ATLANTA — Georgia Secretary of State Brad Raffensperger said he will discuss the phone call he received from President Donald Trump last weekend with the Fulton County District Attorney and state election board to determine if the president broke any laws when he asked Raffensperger to find enough votes to overturn the results of November’s election.
Channel 2 investigative reporter Justin Gray independently obtained a copy of the call over the weekend. During it, the president does the vast majority of the talking, pressuring Raffensperger to change the results of the election.
Fani Willis, Fulton County’s newly installed district attorney, said she is ready to investigate whether Trump broke state laws if the secretary of state refers the case to her.
“Did you think the president did anything improper or even possibly illegal in his conversation with you on that call?” Gray asked Raffensperger in a one-on-one interview on Monday.
“I’m an engineer, not a lawyer, so I’ll leave all that to the lawyers,” Raffensperger said.
During the hour-long call, Trump urged Raffensperger to find more votes and flip Georgia back for him.
- Trump, Biden both in Georgia today last-minute push for Senate runoff
- Some north Georgia health departments to turn focus from testing to vaccination next week
- GBI, local law enforcement investigating threats ahead of Tuesday’s election
“So, look, all I want to do is just, I just want to find 11,780 votes, which is one more than we have. Because we won the state,” Trump said during the phone call.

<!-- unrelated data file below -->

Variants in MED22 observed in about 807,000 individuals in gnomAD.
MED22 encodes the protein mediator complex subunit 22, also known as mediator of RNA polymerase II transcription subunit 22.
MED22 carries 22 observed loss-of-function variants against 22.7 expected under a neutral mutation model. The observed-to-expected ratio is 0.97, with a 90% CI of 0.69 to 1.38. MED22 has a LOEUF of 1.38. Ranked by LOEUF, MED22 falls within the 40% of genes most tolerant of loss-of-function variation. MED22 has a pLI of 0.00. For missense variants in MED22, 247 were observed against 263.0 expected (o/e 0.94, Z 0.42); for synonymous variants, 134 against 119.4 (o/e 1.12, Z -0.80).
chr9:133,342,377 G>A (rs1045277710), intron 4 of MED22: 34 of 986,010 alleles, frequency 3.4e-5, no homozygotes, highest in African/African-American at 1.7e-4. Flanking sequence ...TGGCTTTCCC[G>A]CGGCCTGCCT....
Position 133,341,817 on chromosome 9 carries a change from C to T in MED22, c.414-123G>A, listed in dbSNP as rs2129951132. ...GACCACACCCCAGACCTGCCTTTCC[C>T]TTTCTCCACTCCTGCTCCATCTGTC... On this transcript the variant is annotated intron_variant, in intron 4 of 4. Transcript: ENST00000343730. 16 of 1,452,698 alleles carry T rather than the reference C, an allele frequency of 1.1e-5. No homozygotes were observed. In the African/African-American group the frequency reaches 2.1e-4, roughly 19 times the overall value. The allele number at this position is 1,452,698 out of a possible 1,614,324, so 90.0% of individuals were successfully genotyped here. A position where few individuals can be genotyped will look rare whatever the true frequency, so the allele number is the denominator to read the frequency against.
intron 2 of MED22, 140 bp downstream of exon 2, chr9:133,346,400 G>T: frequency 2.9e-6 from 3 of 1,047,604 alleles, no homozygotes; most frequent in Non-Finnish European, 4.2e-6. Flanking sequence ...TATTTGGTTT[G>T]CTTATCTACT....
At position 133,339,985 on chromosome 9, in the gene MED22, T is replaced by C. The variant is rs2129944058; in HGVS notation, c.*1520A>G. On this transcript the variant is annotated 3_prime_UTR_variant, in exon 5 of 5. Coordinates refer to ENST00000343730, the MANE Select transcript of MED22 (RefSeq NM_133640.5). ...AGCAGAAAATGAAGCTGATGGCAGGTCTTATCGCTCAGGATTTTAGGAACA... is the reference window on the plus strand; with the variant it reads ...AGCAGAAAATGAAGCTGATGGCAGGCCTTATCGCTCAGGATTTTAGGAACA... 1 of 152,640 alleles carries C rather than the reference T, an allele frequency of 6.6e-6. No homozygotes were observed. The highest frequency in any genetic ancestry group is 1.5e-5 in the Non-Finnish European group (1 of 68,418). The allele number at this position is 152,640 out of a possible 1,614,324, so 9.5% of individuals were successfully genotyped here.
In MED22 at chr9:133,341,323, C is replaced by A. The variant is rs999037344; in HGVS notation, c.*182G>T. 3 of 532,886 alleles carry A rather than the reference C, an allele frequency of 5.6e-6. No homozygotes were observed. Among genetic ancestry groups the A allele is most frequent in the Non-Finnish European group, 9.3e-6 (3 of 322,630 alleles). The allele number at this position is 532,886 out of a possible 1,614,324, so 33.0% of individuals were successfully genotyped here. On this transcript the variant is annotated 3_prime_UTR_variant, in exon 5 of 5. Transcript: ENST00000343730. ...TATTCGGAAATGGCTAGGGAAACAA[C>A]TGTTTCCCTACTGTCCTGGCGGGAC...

“Are you glad that the recording is out there for the American people to see?” Gray asked Raffensperger.
“It’s out there in the public domain. People can listen to it as much as they want to and make their own decisions,” Raffensperger said.
“So, what are we going to do here, fellas? I only need 11,000 votes, fellas. I need 11,000 votes. Give me a break,” Trump said during the call.
“What I was very clear on is (that) he has bad data,” Raffensperger said.
“Anyone who commits a felony violation of Georgia law in my jurisdiction will be held accountable,” Willis said in a statement. “Once the investigation is complete, this matter, like all matters, will be handled by our office based on the facts and the law.”
“So will your office reach out to the DA’s office or have some sort of conversation?” Gray asked Raffensperger.
“We’ll have discussions. We’ll also reach out to members of our board,” Raffensperger said.
At the state Capitol on Monday, Raffensperger had his staff refute the claims of fraud Trump has made, one by one.
“This is all easily provably false, yet the president persists, and by doing so undermines Georgians’ faith in the election system,” said Gabriel Sterling.
Raffensperger confirmed to Gray that Trump has repeatedly tried to call him since the election—as many as 18 times—and he refused to take those calls until this weekend.
The secretary said he thought taking the calls was inappropriate while the Trump campaign was taking legal action against his office.